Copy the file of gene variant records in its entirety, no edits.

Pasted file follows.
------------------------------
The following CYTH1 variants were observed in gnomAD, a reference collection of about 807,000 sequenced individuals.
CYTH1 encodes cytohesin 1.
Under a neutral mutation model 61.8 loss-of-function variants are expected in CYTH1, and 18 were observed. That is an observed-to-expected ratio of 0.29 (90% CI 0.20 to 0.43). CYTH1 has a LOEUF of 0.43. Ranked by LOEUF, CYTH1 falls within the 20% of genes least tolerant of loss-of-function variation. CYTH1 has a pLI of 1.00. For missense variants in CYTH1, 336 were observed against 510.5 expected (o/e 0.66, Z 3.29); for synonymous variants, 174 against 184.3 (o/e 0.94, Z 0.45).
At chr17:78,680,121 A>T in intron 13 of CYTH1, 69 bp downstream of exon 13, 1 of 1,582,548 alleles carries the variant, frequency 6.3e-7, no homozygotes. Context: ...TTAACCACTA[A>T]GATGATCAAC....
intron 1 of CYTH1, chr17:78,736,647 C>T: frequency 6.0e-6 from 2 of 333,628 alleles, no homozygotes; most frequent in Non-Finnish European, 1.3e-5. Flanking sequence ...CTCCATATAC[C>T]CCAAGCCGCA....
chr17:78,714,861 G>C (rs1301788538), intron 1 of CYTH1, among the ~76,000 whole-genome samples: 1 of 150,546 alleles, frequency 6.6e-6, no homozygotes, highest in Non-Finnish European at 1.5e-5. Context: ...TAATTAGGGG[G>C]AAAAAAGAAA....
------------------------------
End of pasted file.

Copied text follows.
The following CYTH1 variants were observed in gnomAD, a reference collection of about 807,000 sequenced individuals.
CYTH1 encodes cytohesin 1.
Under a neutral mutation model 61.8 loss-of-function variants are expected in CYTH1, and 18 were observed. That is an observed-to-expected ratio of 0.29 (90% CI 0.20 to 0.43). CYTH1 has a LOEUF of 0.43. Ranked by LOEUF, CYTH1 falls within the 20% of genes least tolerant of loss-of-function variation. CYTH1 has a pLI of 1.00. For missense variants in CYTH1, 336 were observed against 510.5 expected (o/e 0.66, Z 3.29); for synonymous variants, 174 against 184.3 (o/e 0.94, Z 0.45).
At chr17:78,680,121 A>T in intron 13 of CYTH1, 69 bp downstream of exon 13, 1 of 1,582,548 alleles carries the variant, frequency 6.3e-7, no homozygotes. Context: ...TTAACCACTA[A>T]GATGATCAAC....
intron 1 of CYTH1, chr17:78,736,647 C>T: frequency 6.0e-6 from 2 of 333,628 alleles, no homozygotes; most frequent in Non-Finnish European, 1.3e-5. Flanking sequence ...CTCCATATAC[C>T]CCAAGCCGCA....
chr17:78,714,861 G>C (rs1301788538), intron 1 of CYTH1, among the ~76,000 whole-genome samples: 1 of 150,546 alleles, frequency 6.6e-6, no homozygotes, highest in Non-Finnish European at 1.5e-5. Context: ...TAATTAGGGG[G>C]AAAAAAGAAA....